People with unhealthy relationships to their cell phones like to talk about “parasocial” interaction. I have been led to believe that they are everywhere—all around me are normal people, projecting themselves into richly textured emotional relationships with public figures who have never spoken or typed a word in return. Yet here was something different. This was not a widely beloved influencer blasting streaming video out to thousands, but rather a unknown nonagenarian discovered completely by chance. His page was a rabbit hole in which I’d arbitrarily chosen to take up residence. If @proseman were any kind of figure in my life, he would be an ethnically impossible grandfather, sending me the sporadic garbled text—non sequitur remembrances of more comfortable world, or reactionary worries about a new world slipping just out of reach. Call it a para-papaw relationship.

While my initial curiosity was the crudeness and unpredictability of his takes—their naked prejudice, their tragicomic tangents, their constant invitations to debate—I began to wonder about the person behind the takes, and even began to wonder what he’d have to say about a given moment in American life. I’d often check in and find out. His page offered me a live index of Florida Man’s political consciousness, more granular and direct than any belabored several thousand-word New York Times attempt at the same. Over time he seemed to sour on Trump, begging him repeatedly to “act presidential,” but he never quite quit him. Whenever @proseman had gone a few months without tweeting, we’d collectively wonder how he was faring, and those thoughts grew grimmer over the last year. He never had much at all to say about the pandemic, beyond this:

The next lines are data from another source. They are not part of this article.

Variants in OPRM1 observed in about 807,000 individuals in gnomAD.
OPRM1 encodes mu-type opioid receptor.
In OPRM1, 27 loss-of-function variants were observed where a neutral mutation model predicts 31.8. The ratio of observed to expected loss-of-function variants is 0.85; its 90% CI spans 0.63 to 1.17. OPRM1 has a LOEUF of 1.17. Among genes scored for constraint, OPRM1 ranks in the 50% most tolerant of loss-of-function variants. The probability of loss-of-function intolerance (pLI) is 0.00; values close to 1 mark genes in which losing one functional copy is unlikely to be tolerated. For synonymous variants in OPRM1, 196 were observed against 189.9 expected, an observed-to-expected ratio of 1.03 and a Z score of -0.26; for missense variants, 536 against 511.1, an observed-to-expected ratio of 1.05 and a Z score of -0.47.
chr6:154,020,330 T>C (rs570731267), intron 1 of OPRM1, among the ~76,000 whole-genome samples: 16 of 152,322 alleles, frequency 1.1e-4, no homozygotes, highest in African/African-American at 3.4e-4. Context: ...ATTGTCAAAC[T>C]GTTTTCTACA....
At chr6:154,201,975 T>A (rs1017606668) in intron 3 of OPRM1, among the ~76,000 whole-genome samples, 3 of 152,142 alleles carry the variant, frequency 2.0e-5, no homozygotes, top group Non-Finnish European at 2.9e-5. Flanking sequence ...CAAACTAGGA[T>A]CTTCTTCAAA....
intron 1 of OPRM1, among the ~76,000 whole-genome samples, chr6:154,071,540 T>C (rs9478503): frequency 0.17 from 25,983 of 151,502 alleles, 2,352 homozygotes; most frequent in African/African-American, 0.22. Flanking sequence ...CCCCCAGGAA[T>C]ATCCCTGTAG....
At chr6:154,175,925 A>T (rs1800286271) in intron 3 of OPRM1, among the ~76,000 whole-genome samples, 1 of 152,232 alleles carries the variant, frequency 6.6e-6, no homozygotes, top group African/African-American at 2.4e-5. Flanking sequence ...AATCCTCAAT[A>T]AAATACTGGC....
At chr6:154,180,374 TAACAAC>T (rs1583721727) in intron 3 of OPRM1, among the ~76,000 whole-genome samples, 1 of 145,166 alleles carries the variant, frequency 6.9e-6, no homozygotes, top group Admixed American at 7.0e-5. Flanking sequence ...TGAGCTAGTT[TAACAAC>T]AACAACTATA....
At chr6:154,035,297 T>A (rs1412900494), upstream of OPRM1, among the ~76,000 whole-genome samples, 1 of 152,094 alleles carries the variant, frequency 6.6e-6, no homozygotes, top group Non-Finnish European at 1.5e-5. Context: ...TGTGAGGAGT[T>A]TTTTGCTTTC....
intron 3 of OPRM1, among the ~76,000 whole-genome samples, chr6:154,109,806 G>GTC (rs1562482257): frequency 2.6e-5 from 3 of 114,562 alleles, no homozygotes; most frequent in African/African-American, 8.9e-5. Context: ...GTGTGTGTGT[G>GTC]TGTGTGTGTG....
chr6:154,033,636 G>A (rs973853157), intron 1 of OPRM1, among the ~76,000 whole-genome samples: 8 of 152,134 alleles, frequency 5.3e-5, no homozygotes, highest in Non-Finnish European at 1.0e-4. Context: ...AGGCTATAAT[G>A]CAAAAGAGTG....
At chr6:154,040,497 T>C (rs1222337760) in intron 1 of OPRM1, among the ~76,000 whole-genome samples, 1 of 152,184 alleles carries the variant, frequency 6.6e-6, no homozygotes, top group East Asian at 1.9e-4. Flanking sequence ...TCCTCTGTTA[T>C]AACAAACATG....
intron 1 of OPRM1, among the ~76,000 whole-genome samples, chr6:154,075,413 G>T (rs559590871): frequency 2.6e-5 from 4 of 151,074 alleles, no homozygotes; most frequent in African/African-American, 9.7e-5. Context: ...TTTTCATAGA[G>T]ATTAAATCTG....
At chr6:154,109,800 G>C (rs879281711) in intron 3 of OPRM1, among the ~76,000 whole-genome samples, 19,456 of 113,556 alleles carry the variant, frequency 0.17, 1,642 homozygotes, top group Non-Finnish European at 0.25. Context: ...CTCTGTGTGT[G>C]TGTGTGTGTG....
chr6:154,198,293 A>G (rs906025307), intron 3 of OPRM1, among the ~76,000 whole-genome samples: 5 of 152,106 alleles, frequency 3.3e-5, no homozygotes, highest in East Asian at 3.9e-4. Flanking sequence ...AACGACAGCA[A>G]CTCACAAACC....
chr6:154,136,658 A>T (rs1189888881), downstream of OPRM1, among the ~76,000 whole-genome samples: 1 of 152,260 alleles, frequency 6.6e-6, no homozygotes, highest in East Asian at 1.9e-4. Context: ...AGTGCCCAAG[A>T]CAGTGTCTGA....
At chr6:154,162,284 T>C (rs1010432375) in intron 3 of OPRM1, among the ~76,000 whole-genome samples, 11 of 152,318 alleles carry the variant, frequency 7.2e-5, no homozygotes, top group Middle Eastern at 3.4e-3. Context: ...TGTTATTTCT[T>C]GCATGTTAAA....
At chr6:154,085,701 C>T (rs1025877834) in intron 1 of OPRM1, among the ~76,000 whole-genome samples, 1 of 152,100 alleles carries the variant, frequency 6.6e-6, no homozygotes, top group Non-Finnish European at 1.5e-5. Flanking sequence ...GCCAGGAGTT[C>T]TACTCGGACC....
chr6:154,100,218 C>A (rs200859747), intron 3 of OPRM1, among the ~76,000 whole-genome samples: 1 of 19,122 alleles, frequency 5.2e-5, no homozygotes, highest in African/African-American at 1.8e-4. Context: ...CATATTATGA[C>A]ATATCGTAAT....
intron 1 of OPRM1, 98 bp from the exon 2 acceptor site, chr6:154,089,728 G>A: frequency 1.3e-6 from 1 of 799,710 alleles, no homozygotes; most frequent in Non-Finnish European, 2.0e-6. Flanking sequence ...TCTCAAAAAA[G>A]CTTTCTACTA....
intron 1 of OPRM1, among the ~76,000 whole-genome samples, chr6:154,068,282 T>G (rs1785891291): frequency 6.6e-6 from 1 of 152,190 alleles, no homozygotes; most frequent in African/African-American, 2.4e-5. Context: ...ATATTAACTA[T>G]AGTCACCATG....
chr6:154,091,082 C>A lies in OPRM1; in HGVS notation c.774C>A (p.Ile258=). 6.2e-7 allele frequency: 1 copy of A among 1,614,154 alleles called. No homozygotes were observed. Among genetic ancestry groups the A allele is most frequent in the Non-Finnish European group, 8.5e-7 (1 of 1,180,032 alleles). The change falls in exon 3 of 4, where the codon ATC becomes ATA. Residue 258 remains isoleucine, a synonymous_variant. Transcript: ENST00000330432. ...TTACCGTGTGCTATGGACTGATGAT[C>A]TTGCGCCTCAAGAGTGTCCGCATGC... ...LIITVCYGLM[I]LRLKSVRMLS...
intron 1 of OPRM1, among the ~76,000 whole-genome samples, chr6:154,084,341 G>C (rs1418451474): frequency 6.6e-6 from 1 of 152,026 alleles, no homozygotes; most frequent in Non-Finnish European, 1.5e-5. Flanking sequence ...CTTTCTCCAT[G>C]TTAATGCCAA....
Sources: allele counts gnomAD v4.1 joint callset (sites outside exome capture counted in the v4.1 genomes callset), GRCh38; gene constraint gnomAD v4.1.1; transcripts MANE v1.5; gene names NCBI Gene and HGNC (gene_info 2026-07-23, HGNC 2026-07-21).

He hadn’t tweeted since July. Barry looked him up the other day and learned that he had just passed. The sadness I felt was hard to place. It eluded all my normal frameworks of human interaction, of emotions invested and reciprocated, of signals sent with the knowledge that someone is there to receive them. He surely had no notion that we were out here; he had only the vaguest notion of his own space bar. I wondered what he might think about being mourned by a group of people thousands of miles away whose beliefs he might have found inimical to the America he loved. But then I had to wonder if we were the people in this world most attuned to his daily stray thoughts, as he shuffled month by month towards that horizon where no one in analog life sticks around to hear them. And I thought even more about the eminently strange series of tubes that made it possible for us to learn that he had ever lived in the first place. Not that there was nothing binding us to @proseman: We’d found him, after all, because he was complaining in public about what someone else had to say about sports. R.I.P.